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Old June 19, 2011, 12:08 AM   #1
Ideal Tool
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Don't Know How Good We Got It!

Hello everyone. I chuckle over the threads of the new guys wanting more speed, without knowing the How & Why first. Well, I decided to take a little trip back in time. As per my handle..I collect vintage Ideal/Lyman/Winchester moulds & loading tools. I decided to find out just what our forebears had to go thru to get in a supply of ammunition. I used an original Ideal tong tool with integeral mould. These are heavy cast-iron & nickle plated. The tool was for the .22WCF. The black powder era forerunner of our .22 Hornet. First thing you learn is to get a HEAVY pair of gloves..that iron acts like a huge heat sink..so tool must be kept HOT! I ended up using very thick insulated welding gloves. The bullets came out suprisingly nice, and round..something not always possible with more modern moulds. Next I had to lube them. I used an original Ideal lubesizer, dated 1892, filled with Lyman Super Moly. Now this old tool has less play, perfect top-punch to sizer die mouth alignment..and frankly, makes the modern Lyman 450 look like so much junk! Next, the cases needed to be sized..these tong tools can only neck size..and they do it with a vengence..brass was sized way too small, & had to be expanded back..probably due to generous chamber dimensions back then. Had to use lots of case lube. Handles had to be pulled apart to free case..there is a spring loaded extractor on one handle to do this. Next priming was in order. case is placed in hole of one handle & primer set over pocket. little fixed punch in other handle seats primer when handles are squeezed. After charging cases..I "cheated" & used a modern measure & scale for this chore. Bullets were seated by squeezing handles & pulling them apart, to extract finished round. If needed, crimping can be done by threading die deeper in handle & again..a big squeeeze & pull to remove.
After 20 rounds of this..my hands were sore! and all I wanted to do was to get away from it for awhile.
Last year, I needed to load up some .38 Long Colt, regular .38 Spec. dies worked ok, until I needed to crimp..case too short. Out came an old Ideal nickle plated .38spec. tong tool. You see, these tools don't use a shell holder, so die can be threaded right down to case head. Tool put a very neat roll crimp on those cases..but after 50..Man Oh Man my hands hurt!
So before we start to bitch and moan about how long we have to stand in front of a single station press..think about the old days.
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Old June 19, 2011, 06:26 AM   #2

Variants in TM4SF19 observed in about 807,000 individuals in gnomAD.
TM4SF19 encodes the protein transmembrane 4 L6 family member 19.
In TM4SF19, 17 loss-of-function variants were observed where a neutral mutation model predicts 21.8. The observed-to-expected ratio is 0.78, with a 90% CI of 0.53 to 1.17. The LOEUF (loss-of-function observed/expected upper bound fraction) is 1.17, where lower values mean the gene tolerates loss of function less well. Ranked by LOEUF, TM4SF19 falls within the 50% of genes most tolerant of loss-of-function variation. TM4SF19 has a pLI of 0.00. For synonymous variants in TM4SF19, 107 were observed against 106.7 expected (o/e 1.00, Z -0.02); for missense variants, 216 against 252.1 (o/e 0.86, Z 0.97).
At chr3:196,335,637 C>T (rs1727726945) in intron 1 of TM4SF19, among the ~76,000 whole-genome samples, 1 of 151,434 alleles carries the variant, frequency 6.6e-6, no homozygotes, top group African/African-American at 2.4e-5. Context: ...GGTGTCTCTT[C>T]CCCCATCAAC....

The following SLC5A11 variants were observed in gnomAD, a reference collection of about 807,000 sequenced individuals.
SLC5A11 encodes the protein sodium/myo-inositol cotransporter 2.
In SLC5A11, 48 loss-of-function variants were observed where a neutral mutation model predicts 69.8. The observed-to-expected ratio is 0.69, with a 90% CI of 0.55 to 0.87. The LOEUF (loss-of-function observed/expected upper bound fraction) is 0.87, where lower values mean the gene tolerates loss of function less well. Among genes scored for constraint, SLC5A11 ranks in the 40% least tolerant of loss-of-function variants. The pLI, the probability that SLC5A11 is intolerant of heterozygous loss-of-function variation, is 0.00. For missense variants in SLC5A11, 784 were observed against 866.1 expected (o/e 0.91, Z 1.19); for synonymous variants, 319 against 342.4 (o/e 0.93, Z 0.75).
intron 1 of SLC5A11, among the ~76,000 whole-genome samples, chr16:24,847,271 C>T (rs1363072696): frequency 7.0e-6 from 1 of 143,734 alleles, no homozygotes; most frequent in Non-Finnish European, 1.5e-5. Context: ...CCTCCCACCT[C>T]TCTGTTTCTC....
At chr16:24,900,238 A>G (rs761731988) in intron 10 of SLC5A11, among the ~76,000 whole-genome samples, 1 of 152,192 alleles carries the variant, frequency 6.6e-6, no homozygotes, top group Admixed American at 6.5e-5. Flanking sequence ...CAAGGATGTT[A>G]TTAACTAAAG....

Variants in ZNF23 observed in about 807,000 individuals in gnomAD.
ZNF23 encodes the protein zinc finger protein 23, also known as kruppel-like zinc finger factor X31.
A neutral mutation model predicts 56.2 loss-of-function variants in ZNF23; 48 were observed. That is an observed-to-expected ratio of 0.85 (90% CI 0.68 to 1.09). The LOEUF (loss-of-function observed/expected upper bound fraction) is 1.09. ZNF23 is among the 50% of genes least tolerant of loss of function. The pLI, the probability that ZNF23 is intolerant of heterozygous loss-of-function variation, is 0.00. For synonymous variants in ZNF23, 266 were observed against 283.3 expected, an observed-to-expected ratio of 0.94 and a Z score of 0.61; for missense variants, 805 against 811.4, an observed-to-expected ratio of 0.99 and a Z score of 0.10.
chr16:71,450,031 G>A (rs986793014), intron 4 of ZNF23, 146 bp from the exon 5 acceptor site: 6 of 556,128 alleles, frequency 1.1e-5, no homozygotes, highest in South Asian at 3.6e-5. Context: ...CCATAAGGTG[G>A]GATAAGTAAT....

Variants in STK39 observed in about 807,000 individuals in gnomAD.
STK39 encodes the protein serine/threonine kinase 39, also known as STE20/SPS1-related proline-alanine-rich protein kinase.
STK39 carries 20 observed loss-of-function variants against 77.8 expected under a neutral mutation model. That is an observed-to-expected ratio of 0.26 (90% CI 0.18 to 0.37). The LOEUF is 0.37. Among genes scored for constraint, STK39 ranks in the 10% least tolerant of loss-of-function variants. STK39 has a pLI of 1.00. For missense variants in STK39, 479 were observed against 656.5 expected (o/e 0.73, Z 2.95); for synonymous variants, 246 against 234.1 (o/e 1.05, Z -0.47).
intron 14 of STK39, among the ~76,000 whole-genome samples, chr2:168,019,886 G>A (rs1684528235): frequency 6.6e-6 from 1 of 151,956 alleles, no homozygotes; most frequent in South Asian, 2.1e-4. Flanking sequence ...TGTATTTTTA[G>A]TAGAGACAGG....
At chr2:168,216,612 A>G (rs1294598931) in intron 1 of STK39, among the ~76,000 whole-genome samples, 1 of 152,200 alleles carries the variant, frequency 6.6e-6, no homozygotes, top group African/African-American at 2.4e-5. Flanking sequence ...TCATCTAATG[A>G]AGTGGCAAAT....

Uncle Buck
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I love old/vintage tools. So I have to say "With-out pictures it did not happen."

(Can you tell I want you to post some pictures of the process and the tools used?)

Another thing folks tend to forget, you did not hop in the car to go get some supplies you might have over looked. Even in some of the small towns I have been in, they roll up Main St. at 5 PM. (But a big difference was that back then they had most everything you needed at the hardware store. So when the store opened you could get what you needed at a one stop shop.)
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Old June 19, 2011, 07:08 AM   #3
flashhole
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That was my thinking too. Love to see some pictures. Thanks for sharing.
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Old June 19, 2011, 07:08 AM   #4
PawPaw
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Quote:
you did not hop in the car to go get some supplies you might have over looked
Welcome to our town. No reloading supplier except for a local store that charges full retail +15% and one guy who works out of his backyard. Thank God for the internet or I'd be reduced to driving two hours or more for supplies. The good folks at Midway, Midsouth and Powder Valley have my data and ship things pronto.
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Old June 19, 2011, 07:25 AM   #5
Jim243
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Don't Know How Good We Got It!

You could say that again!!

Geeee, I was having nightmares just reading your post. No, I am not giving up my Lee Classic Turret or RCBS Rockchucker. The first thing that hit me was wondering how much a keg of black powder ran in those days (1892) and visons of little houses out back with half moons on the door. (LOL) And merchants that lived over their dry goods stores. And the reason little towns rolled up the streets at 5 pm was because Edison hadn't rolled out his electric wonder (the light bulb) or at least they didn't have them then in rural America. The Olds brothers were making horse less carages, but Heny Ford was still years away.

It's nice to reminisce about the good old days, but the good old days are today. (at least for me (LOL)).


Have fun and shoot straight and stay safe.
Jim
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Old June 19, 2011, 02:42 PM   #6
g.willikers
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Has anyone read the Hopalong Cassidy books, by Clarence Mulford?
They were written back in the 1930s.
Part of the theme of these stories is how much better Hoppy and the Bar-20 cowboys can shoot than anyone else around them parts.
They shoot so well because they practice a whole lot more.
And they practice so much more because they reload all their own ammo.
The process they had to use is explained in the books and it was crude.
Melting lead around the campfire, pouring powder by kerosene lantern light in the bunkhouse, wrassling with knuckle busting reload tools.
Small wonder most folks back then didn't shoot enough to get very good.
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